Use Complications as a tool to mechanically reward/hamper the PCs actions in the story. They ramp up the tension, pad the challenge into becoming a longer and more meaningful encounter, and ask the players to stretch their character’s creative muscles. Specialists who botch a die roll may need to improvise, rely on often ignored skills, or use teamwork to overcome an unexpected interruption.

Complications
Below is a chart of some suggested Complications and likely skills used to respond to them. It is by no means exhaustive and as always good roleplaying and clever but logical thinking should always win out over the base rules. Use this chart as a guideline to improvise the use of other skills in these challenges as well (Arcana might work in place of Thievery to disarm a magical rune trap, perhaps Religion stands in for Bluff to deal with a nosey cult inquisitor):

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*Combat – Erupting into a full mat-and-minis combat would definitely bog down and steal the thunder from a heist (if an extensive combat is involved in the heist, it should probably be an expected scene that occurs anyway). If the player opts to use feat of arms to get out of a scrape simply have them make an attack roll, and make attack rolls for the sentries opposing them (ideally an appropriate minion of the player’s level +/- 1). If the attack roll hits, the PC dispatches all foes involved single-handedly, but incurs damage from any of the attacks rolled against him/her. If the players opts to use a Daily or Encounter power, forgo this roll as they have paid for the error with a resource.

Players may have more detailed wishes for this scrape, and that’s fine. Do whatever you can to keep the fracas in a “theater of the mind” kind of resolution system to speed things along. Depending on the situation, they might need to make a further Complication roll to get rid of the bodies (Stealth or Athletics being the recommended skills).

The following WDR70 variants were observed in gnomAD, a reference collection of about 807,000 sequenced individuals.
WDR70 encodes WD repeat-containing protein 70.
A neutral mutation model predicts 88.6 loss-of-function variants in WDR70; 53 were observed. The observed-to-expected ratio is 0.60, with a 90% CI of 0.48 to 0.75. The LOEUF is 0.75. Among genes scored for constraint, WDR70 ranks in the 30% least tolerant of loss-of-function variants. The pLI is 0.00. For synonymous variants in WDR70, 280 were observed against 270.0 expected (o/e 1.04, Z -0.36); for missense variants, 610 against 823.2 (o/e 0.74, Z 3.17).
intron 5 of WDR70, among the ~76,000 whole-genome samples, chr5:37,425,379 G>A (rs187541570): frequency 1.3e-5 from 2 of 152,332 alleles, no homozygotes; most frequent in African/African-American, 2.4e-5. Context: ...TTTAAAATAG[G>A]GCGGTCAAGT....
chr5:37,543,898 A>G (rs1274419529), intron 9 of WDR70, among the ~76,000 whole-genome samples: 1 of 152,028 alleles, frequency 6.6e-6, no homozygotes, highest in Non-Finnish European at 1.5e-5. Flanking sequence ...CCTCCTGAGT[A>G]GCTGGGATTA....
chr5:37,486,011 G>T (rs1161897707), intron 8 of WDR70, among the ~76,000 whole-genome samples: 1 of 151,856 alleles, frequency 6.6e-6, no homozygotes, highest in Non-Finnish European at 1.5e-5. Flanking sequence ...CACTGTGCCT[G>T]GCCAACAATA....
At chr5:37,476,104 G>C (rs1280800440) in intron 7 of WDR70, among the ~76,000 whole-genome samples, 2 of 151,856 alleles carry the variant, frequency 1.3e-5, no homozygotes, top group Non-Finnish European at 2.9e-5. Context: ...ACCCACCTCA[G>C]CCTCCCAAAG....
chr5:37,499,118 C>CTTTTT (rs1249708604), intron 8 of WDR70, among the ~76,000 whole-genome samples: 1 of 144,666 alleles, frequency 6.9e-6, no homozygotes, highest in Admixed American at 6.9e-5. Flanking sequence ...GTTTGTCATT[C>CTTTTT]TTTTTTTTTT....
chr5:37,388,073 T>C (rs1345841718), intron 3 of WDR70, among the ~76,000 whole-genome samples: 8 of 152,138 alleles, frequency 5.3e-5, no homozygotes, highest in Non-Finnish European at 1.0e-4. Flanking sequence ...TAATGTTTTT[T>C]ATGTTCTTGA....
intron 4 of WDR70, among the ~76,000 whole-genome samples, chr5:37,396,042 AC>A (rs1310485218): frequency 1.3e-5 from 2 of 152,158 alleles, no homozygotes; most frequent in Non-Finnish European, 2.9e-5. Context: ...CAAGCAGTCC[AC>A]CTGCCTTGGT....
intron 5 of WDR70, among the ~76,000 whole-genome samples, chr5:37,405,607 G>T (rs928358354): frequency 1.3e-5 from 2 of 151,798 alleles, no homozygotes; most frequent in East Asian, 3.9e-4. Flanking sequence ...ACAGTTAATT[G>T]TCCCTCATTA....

Obviously, attacking nosey servants or bumbling guests poses little threat, but the problem of removing the body (as well as the moral ramifications of harming and innocent passerby) should serve as the appropriate challenge. And if the witness escapes the attack, the PC might be in even deeper water.

Secondary Skills and Complications
What constitutes a primary skill is very open for debate in a heist. Perception could be used in a leading role to discern which casino guest is carrying the mcguffin, or it could be used in a support role to be on lookout duty for another PC using Stealth to sneak into the governor’s private rooms. Only Primary skills are subject to Complications if they fail. However, you might rule that an appropriately applied secondary skill (such as Perception in the above example) permits a PC to ignore the effects of a Complication, ignore a failure, or both. If a player is not using a primary skill to push the challenge along but is helping in other ways, don’t be afraid to make their contribution meaningful – negating failures is a great way to do this.

 
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Posted by on June 29, 2013 in Playtested, Skill Challenge